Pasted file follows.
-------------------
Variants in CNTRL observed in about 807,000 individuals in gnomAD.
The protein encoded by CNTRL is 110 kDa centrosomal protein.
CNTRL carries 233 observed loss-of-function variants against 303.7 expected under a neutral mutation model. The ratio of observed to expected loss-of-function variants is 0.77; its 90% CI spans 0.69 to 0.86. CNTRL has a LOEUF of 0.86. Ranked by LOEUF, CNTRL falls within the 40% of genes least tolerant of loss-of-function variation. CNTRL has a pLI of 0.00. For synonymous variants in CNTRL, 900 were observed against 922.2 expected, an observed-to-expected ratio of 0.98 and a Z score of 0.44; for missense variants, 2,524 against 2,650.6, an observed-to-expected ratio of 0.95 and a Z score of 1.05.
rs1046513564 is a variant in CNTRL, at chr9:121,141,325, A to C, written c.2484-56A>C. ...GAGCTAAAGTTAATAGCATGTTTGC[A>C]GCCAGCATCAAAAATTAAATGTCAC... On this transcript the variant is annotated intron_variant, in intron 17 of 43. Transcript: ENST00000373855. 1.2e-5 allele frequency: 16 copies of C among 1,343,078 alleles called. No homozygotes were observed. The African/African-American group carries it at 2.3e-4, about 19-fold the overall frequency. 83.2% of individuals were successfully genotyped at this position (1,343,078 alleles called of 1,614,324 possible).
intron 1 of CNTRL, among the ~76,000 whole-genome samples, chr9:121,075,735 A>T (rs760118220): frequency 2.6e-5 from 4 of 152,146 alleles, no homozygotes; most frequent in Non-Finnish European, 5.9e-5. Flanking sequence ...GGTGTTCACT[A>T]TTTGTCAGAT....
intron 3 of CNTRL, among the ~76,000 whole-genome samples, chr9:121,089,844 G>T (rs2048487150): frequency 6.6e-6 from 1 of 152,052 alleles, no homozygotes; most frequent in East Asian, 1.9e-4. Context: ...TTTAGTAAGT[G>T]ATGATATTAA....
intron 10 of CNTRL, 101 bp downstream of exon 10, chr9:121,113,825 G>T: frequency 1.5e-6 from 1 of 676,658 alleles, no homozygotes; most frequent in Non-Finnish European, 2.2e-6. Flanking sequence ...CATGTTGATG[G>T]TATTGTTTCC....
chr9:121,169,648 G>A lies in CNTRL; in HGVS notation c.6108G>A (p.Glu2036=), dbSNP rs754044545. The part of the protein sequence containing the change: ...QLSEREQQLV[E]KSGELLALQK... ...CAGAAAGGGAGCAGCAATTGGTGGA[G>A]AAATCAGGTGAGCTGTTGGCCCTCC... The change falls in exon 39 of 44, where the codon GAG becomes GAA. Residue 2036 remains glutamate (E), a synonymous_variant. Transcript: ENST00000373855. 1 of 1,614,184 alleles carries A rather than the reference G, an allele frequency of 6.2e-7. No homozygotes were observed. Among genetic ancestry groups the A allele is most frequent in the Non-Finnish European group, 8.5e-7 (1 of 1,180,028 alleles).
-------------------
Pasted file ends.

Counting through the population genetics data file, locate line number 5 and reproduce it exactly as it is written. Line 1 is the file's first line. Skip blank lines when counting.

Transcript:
intron 1 of CNTRL, among the ~76,000 whole-genome samples, chr9:121,075,735 A>T (rs760118220): frequency 2.6e-5 from 4 of 152,146 alleles, no homozygotes; most frequent in Non-Finnish European, 5.9e-5. Flanking sequence ...GGTGTTCACT[A>T]TTTGTCAGAT....